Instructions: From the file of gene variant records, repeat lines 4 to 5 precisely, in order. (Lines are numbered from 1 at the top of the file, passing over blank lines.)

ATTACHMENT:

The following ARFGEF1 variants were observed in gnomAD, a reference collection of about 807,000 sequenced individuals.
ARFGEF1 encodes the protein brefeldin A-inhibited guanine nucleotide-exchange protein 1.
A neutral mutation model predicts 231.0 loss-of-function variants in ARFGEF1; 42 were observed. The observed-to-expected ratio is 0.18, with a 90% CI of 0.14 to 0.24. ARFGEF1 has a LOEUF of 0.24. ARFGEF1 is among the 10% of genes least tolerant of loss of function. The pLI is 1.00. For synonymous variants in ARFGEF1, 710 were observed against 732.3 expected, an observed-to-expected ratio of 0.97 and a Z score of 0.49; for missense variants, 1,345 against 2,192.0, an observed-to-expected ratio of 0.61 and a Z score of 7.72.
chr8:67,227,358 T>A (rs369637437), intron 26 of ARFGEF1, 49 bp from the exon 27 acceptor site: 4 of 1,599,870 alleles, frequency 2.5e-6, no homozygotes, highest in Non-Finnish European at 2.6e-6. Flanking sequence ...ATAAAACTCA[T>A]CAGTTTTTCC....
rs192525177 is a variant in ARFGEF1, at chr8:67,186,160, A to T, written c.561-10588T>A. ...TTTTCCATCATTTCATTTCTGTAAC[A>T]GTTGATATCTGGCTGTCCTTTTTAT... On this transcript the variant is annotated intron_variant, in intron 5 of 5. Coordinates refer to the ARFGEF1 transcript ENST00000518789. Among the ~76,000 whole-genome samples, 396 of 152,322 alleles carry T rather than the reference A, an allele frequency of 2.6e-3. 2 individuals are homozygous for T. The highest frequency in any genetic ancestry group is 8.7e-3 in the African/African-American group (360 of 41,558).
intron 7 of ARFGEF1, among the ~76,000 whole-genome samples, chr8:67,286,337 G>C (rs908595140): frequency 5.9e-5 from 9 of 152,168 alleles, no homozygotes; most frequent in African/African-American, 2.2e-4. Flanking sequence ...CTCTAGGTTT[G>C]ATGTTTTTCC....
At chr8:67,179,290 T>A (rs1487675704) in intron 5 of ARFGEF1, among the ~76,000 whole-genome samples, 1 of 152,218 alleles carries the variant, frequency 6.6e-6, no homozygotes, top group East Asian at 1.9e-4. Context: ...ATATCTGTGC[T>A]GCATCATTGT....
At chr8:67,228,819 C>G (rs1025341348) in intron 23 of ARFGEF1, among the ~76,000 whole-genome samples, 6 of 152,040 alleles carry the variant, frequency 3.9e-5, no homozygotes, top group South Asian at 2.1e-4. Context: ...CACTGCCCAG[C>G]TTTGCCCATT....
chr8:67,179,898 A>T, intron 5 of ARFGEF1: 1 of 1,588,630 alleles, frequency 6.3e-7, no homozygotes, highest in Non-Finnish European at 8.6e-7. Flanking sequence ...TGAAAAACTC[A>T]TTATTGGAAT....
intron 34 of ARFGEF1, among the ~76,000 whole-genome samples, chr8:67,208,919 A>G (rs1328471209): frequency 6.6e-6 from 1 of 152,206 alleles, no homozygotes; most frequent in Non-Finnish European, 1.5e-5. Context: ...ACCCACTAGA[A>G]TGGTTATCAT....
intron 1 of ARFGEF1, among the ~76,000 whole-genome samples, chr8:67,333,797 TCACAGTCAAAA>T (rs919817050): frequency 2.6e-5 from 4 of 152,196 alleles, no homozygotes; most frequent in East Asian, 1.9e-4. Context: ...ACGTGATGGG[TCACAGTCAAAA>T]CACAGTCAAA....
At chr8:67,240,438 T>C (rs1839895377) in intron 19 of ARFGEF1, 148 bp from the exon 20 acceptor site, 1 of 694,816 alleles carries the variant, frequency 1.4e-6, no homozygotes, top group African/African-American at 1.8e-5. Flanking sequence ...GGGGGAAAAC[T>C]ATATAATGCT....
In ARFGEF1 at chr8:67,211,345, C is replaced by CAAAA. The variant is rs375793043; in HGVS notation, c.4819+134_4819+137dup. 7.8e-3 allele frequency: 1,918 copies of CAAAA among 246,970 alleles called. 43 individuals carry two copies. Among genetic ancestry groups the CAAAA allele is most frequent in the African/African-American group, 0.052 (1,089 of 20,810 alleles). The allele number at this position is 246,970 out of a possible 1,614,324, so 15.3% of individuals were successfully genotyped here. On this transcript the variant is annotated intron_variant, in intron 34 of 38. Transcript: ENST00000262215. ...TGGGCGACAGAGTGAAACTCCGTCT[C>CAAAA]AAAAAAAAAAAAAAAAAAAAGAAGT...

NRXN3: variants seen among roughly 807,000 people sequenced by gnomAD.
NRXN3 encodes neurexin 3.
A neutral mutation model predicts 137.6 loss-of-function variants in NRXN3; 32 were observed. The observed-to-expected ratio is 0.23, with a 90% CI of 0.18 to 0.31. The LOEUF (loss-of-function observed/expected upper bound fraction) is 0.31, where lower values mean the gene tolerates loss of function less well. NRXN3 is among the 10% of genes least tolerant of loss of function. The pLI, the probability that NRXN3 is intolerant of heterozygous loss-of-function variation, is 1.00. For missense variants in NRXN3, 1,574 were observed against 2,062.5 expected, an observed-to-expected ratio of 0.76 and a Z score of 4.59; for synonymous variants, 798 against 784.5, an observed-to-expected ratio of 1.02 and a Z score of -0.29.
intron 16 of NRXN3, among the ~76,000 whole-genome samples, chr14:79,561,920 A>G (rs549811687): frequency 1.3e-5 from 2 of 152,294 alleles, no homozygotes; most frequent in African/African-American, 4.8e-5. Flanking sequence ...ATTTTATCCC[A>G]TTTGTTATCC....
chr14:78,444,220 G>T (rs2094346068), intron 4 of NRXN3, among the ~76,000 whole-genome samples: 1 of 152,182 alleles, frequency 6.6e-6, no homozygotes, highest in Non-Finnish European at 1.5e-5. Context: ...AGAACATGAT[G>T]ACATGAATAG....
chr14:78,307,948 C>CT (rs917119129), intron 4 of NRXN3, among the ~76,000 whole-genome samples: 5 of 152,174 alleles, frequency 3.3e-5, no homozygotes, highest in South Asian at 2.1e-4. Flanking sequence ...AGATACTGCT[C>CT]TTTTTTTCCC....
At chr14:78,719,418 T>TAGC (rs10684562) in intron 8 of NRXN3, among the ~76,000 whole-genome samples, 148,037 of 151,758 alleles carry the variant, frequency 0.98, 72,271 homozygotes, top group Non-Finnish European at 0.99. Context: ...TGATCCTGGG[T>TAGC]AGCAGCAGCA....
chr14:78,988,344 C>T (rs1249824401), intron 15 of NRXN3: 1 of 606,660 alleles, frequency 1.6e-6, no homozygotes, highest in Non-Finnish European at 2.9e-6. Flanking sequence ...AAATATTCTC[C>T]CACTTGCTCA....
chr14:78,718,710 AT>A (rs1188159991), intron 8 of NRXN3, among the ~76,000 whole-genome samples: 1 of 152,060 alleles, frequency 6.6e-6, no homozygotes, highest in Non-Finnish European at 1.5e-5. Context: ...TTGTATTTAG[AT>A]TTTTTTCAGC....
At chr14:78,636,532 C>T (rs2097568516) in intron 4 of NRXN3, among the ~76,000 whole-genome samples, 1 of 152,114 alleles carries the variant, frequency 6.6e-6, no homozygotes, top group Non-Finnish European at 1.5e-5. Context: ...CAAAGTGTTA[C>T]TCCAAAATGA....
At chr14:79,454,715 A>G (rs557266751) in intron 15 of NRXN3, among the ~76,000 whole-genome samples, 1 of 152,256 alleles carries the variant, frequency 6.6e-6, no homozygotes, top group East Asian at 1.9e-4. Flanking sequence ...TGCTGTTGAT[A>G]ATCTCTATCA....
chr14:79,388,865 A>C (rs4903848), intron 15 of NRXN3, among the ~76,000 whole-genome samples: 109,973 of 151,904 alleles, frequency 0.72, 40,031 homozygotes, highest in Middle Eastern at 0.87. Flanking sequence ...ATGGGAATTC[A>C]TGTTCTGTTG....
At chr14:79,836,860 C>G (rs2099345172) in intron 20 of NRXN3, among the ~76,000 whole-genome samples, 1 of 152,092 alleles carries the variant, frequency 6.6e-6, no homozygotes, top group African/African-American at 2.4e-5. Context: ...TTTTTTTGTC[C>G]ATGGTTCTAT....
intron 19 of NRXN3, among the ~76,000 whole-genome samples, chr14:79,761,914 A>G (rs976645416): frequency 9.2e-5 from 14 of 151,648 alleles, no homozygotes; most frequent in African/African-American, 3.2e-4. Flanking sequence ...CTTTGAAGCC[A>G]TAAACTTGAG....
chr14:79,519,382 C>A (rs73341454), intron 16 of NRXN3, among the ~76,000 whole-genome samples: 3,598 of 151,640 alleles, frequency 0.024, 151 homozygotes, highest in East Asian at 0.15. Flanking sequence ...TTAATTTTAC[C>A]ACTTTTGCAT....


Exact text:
chr8:67,227,358 T>A (rs369637437), intron 26 of ARFGEF1, 49 bp from the exon 27 acceptor site: 4 of 1,599,870 alleles, frequency 2.5e-6, no homozygotes, highest in Non-Finnish European at 2.6e-6. Flanking sequence ...ATAAAACTCA[T>A]CAGTTTTTCC....
rs192525177 is a variant in ARFGEF1, at chr8:67,186,160, A to T, written c.561-10588T>A. ...TTTTCCATCATTTCATTTCTGTAAC[A>T]GTTGATATCTGGCTGTCCTTTTTAT... On this transcript the variant is annotated intron_variant, in intron 5 of 5. Coordinates refer to the ARFGEF1 transcript ENST00000518789. Among the ~76,000 whole-genome samples, 396 of 152,322 alleles carry T rather than the reference A, an allele frequency of 2.6e-3. 2 individuals are homozygous for T. The highest frequency in any genetic ancestry group is 8.7e-3 in the African/African-American group (360 of 41,558).